Two young boys were always in trouble. So one day their mother sent them to the parish priest in the hope that he could help.
The first boy went in, sat down and his pastor asked him “Son, where is God?” a question to which the child gave no reply, so the priest asked again. “Where is God?” But again, he gave no answer, so the priest said “boy this is not a difficult question, where is God?”
By now the boy was not only shocked but frightened, he ran out of the church, found his brother and said: “We are in big trouble now, they’ve lost God and they are blaming us.”
The parable of the Sower, the image of seed spread randomly about, some on good earth, some on not so good earth, causes me to reflect on the oddities and surprises of God. Why it seems as though some get more than others, while some are challenged, right from the start, by the harder facts of life: disease, disability, and poverty. I wonder too why so much this universe exists unexposed to God’s Word, and therefore given very little chance to respond to it with any enthusiasm and faith. I wonder how such an odd God is a God of hope.
History suggests that God likes to pick on the unlikely. Surprise, God chose the persecuted people of Israel; Surprise, God chose the little town of Bethlehem; Surprise, God chose us.
A friend of mine used to say, if you want to make God laugh tell Him your plans.
Ours is a God of surprises.
But then again, our God is consistent; always acting in and out of love for us.
A giver of grace, consistently catching us off guard, Christ invites believers to change, to become better disciples, and Christ does so without warning. And while we struggle with the burden of expectation, a load placed on ourselves entirely by ourselves, it is worthwhile to remember that God loved us first.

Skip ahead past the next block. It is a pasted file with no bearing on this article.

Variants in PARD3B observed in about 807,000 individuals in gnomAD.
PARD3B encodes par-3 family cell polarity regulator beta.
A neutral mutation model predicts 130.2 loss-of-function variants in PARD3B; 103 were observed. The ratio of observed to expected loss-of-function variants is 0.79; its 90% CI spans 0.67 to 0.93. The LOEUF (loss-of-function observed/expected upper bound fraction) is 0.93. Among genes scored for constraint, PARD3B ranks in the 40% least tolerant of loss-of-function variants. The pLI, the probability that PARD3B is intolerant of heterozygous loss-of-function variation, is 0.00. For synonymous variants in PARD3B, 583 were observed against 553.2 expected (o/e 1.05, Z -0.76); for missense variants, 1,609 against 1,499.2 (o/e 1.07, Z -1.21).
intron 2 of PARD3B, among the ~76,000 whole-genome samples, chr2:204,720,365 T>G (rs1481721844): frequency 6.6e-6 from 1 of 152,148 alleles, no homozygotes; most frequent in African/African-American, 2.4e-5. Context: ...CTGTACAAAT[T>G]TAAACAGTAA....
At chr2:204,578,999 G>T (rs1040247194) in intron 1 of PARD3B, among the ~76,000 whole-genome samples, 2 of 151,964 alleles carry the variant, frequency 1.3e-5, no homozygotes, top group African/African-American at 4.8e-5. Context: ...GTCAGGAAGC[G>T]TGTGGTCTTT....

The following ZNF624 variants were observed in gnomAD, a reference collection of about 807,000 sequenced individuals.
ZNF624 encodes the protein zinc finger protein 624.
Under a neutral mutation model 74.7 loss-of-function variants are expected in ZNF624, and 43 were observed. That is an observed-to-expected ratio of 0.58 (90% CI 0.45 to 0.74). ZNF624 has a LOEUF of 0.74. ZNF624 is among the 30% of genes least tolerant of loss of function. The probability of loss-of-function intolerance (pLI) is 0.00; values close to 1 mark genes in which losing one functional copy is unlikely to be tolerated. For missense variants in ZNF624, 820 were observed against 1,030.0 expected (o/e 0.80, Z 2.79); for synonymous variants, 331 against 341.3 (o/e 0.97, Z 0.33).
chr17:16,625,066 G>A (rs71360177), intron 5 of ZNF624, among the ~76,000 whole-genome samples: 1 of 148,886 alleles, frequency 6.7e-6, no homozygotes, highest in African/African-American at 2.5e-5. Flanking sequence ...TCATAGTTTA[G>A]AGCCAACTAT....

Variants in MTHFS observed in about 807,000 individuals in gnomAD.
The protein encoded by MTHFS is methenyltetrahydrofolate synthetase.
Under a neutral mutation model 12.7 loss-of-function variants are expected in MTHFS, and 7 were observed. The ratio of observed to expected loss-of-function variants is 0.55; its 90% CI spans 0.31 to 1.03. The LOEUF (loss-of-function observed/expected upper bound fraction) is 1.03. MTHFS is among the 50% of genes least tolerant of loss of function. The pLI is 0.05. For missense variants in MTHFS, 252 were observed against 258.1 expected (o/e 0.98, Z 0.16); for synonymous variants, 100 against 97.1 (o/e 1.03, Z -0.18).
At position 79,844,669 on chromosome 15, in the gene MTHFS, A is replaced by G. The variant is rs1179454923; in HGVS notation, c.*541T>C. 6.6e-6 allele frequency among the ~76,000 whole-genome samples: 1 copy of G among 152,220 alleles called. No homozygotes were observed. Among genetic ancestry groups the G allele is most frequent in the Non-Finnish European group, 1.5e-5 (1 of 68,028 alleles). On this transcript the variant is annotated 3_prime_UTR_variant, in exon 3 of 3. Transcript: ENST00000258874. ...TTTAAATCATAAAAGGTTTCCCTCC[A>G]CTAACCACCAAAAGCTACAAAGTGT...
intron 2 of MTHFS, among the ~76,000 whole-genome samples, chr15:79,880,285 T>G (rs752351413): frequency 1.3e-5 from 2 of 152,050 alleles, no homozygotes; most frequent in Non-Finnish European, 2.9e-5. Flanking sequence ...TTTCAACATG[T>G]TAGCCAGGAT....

Dying and rising, God gave us hope in something, Someone, much bigger than ourselves. If nothing else, what Jesus did, and continues to do, is the assurance that the God of surprises acts with purpose.
Hope is believing that God, though strange, is faithful; that God’s love is not measured or deterred by our mediocre replies to his overtures, and that even though the seed that falls on me does not bare all the fruit it can, God’s plans are fulfilled.
This is our hope: that the cross of Jesus Christ is enough. That what we, the world, fail to give back is covered by the ransom God paid on our behalf. As St. Paul’s says – the challenges of this present time are small before the glory He presents.
To people of God, much love has been given. May the Sower of surprises continue to grace us, and may we respond to Him with hope. Or might we react as God expects -with sincere/mediocre enthusiasm and faith.